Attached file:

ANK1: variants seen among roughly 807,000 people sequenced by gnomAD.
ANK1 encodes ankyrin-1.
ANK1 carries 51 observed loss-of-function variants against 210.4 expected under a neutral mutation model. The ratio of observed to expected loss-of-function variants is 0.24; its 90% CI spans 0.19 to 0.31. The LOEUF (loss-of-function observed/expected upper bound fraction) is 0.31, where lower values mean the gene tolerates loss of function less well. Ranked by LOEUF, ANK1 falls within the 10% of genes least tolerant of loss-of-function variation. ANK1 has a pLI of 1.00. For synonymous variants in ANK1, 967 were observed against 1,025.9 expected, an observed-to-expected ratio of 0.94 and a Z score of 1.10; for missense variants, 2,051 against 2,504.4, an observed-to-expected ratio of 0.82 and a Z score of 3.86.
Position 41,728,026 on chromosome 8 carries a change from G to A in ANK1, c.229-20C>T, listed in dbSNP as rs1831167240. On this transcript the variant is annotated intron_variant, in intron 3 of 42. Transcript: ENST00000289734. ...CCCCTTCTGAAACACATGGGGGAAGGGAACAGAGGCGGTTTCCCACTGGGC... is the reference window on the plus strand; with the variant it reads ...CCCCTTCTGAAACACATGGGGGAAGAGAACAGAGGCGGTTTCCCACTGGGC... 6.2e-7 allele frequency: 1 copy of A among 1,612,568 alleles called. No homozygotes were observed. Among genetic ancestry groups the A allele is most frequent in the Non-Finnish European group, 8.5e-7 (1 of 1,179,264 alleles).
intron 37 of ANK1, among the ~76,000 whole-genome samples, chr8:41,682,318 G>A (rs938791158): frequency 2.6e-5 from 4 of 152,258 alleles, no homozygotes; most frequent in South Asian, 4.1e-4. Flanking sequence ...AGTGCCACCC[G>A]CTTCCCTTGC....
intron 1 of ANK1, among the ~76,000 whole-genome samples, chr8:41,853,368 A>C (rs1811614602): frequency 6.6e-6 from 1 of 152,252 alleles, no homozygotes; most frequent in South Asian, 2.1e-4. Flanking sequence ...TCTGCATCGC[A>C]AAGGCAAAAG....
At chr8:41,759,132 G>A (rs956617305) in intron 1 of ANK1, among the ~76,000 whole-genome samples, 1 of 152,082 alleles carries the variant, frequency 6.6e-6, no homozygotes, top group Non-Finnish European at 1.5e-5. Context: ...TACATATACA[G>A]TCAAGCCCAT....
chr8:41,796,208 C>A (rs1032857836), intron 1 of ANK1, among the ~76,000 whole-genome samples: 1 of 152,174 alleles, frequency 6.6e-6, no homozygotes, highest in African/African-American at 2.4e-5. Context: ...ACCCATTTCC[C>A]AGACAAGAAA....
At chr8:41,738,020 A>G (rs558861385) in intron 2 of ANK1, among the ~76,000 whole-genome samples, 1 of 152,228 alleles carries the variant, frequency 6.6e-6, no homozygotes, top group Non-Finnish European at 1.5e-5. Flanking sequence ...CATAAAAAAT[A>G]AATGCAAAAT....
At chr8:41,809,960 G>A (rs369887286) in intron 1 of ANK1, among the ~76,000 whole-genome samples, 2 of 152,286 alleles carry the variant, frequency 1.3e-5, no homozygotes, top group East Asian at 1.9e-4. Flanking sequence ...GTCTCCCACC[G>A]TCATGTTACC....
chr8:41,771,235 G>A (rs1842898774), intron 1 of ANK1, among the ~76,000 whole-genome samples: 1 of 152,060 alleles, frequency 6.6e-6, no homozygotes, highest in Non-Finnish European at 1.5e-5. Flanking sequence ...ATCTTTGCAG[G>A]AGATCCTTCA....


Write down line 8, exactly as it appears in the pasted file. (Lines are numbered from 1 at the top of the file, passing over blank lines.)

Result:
chr8:41,796,208 C>A (rs1032857836), intron 1 of ANK1, among the ~76,000 whole-genome samples: 1 of 152,174 alleles, frequency 6.6e-6, no homozygotes, highest in African/African-American at 2.4e-5. Context: ...ACCCATTTCC[C>A]AGACAAGAAA....